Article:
I have to thank Clare Mackintosh. Not only for her brilliant books (I Let You Go and I See You) but for a class she did last January in conjunction with Writers & Artists. Her talk was about social media and building an author platform. At that stage, I had written one book and was half-way through a second. I had no idea what to do next. A writer may want to try and get published but that’s not always easy to do. Although it’s not essential to have a social media presence to get a book deal, a Twitter profile or Facebook page or a blog can be useful.
In the week after the talk, I did two things – I set up a Facebook author page and started a blog. Of the two, the blog has worked better for me, mainly because I’m still too scared to ask all my Facebook friends to like my page. Blogging though has allowed a freedom in my writing that fiction doesn’t – my own voice.
In my first post back in January 2016, I wrote that I would blog mostly about my writing, books that I’d read and events that I’d been to. As it turns out, other than what Rod Reynolds teased out of me in an interview about his book, ‘Black Night Falling’, I haven’t written anything else about my own books. I think I’m still at that ‘it’s probably all pants, why am I even bothering’ stage. My older two children seem to think that this is just a phase I’m going through. Only my youngest looks at me with wide eyes and asks if I’m real author. “I’m an unpublished author,” is my reply.
I also feel like a fraud if I say I’m a book blogger – I don’t even have a decent book blogging name for my site. Over the last year I’ve met, either in real life or on Twitter, some pretty amazing book bloggers. They often average three to four books a week when I only manage that in a month (I’m a slow reader). But I do love to review the books that I read and I’ve started to do a few blog tours. I’ve particularly enjoyed doing author interviews or Q&As. To be able to chat with authors and find out their influences and reasons for writing has been a real privilege.
But I think my blog may be best known (if at all) for my write up of events that I’ve been to. The first event I blogged about was a panel on Agatha Christie and her use of poison in her novels. It took place at Chelsea Physic Garden and featured crime writers Daniel Pembrey, Helen Smith, Rebecca Chance and scientist/writer Dr. Kathryn Harkup. As a chemist, Kathryn had some hilarious anecdotes about poisons but I managed to forget most of them. I learnt the hard way that if I wanted to cover events for my blog, I was going to have to take notes. It’s now easy to spot me at events as I will be the one with a pen in my hand, feverishly writing in my little notebook.
Although I have covered a number of book launches and literary festivals, it’s First Monday Crime that’s been my constant blog event. Meeting on the first Monday of the month in Central London, First Monday Crime is a panel of crime writers discussing their books and whatever questions are thrown their way by the person chairing and then the audience. I’ve had the chance to get to know authors, bloggers and publishers and also had the opportunity to review the panellists’ novels.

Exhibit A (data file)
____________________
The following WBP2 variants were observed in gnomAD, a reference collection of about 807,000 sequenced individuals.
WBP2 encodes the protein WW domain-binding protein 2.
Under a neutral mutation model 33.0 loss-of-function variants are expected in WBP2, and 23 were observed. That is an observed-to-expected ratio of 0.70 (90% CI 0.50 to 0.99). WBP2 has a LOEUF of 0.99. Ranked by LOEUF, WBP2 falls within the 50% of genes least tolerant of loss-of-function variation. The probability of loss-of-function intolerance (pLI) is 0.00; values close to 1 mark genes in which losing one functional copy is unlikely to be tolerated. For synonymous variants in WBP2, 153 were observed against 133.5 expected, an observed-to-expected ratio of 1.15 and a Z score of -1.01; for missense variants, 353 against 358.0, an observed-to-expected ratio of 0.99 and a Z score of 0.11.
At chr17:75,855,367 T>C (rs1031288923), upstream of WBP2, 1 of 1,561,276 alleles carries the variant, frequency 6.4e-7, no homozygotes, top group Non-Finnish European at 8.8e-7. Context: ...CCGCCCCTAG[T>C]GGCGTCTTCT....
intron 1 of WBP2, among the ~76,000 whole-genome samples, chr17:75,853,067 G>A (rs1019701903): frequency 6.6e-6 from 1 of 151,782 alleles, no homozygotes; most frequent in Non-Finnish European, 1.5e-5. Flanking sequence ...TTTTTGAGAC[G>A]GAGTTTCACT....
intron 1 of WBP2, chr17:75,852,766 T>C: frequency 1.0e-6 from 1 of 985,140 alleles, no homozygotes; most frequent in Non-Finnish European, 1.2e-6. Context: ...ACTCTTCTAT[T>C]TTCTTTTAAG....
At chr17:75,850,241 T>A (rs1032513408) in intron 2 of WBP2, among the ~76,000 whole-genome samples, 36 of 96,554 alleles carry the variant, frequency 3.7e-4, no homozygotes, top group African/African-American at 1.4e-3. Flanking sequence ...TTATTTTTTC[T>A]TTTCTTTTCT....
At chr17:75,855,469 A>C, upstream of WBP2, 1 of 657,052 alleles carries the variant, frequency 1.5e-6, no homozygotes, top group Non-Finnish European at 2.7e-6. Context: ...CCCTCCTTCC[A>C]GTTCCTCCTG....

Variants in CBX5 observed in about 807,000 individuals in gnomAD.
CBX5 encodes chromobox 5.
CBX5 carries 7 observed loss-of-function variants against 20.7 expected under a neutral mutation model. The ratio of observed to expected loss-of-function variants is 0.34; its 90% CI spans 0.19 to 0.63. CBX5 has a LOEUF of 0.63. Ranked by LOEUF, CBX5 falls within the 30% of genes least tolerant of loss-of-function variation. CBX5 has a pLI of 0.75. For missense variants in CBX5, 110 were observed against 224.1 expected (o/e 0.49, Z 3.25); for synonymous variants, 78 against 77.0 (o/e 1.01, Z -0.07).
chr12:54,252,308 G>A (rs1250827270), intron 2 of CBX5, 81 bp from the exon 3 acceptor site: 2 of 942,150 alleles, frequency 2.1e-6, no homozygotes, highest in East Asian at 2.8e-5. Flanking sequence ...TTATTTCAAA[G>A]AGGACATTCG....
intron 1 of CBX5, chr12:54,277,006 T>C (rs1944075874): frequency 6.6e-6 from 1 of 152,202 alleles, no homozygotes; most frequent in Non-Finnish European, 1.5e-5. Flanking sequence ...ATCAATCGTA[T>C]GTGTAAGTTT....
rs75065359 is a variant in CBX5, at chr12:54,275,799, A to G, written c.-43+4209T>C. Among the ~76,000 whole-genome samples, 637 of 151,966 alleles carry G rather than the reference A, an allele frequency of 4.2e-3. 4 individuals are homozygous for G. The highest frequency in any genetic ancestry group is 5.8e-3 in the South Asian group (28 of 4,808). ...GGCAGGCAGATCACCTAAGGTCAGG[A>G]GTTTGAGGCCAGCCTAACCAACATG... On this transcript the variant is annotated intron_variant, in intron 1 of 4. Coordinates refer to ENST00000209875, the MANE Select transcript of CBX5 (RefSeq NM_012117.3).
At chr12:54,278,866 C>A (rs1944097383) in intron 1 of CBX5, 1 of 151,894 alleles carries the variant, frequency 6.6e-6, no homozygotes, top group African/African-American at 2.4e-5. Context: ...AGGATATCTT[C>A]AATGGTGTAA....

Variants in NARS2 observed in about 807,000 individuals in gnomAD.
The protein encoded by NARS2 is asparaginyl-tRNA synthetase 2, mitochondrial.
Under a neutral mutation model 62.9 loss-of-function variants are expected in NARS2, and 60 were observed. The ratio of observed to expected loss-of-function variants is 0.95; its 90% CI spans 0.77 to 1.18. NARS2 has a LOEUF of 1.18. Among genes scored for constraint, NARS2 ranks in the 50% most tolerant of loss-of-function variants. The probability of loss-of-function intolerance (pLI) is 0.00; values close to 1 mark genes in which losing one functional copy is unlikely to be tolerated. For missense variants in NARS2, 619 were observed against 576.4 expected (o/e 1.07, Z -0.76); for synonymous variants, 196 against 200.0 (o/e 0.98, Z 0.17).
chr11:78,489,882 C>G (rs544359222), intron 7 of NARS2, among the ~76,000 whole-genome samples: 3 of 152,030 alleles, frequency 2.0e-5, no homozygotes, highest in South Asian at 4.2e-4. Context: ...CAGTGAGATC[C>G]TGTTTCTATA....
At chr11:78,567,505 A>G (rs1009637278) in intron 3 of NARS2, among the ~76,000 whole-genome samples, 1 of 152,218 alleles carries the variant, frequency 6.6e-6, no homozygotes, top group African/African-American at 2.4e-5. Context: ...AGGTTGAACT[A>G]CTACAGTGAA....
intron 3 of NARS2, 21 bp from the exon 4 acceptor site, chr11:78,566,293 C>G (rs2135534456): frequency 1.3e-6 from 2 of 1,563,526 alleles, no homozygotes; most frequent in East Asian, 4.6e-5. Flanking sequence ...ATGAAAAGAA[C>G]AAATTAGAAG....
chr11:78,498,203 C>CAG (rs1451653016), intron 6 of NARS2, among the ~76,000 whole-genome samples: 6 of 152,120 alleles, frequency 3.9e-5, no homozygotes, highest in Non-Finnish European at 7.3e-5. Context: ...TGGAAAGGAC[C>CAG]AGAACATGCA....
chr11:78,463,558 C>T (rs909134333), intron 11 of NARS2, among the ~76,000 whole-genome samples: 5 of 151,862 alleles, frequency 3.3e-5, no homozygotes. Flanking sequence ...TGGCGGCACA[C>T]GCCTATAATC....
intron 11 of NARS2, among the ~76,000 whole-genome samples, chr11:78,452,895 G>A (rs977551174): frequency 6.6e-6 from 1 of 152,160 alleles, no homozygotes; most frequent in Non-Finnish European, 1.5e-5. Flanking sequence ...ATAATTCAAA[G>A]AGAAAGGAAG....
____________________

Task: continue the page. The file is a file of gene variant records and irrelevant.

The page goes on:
Wrongly or rightly, I do check the stats on my blogposts. My best post in terms of viewing numbers was my round up of my favourite books of 2016 and has just over 300 views to date. To me that’s huge but I recognise that that’s small fry to far more established bloggers. Thankfully, I’m not too worried about numbers. I may have started the blog as a way of creating an author’s platform, but it’s now become a bit more important than that for me.
My Twitter bio reads: ‘Escaping the madness of motherhood through writing crime novels’. Every family has its own unique challenges and ours is no different. Without going into details, we have good days, bad days and then downright awful ‘I’m going to pack my bags’ days. Being able to retreat to my desk has become essential in the last few years. On the days when I’m procrastinating with the book (I’m now on my third), there’s always a novel to review, or a blog tour to get ready for or an event to write up. Having the blog means there are no excuses not to write!
So, what does 2017 hold? To be honest, I’m not sure. I set up my blog through the encouragement of the workshop at Writers & Artists and it’s continued with the support of authors and bloggers who I now regard as friends. But if this has been about creating an author platform, then only I can take the next step. Maybe it’s time for a post about my writing – where I am now and more importantly, where I want to be.
Thank you, Clare Mackintosh – I owe you a drink.
Joy Kluver lives in South West London with 1 husband, 2 rabbits and 3 children. A former teacher, she’s now a full time mum. As well as blogging, Joy is writing a police procedural series featuring her female detective, DI Bernie Noel.
You can find her blog at joykluver.wordpress.com
On Twitter @JoyKluver
On Facebook – facebook.com/joykluverauthor
Category: On Writing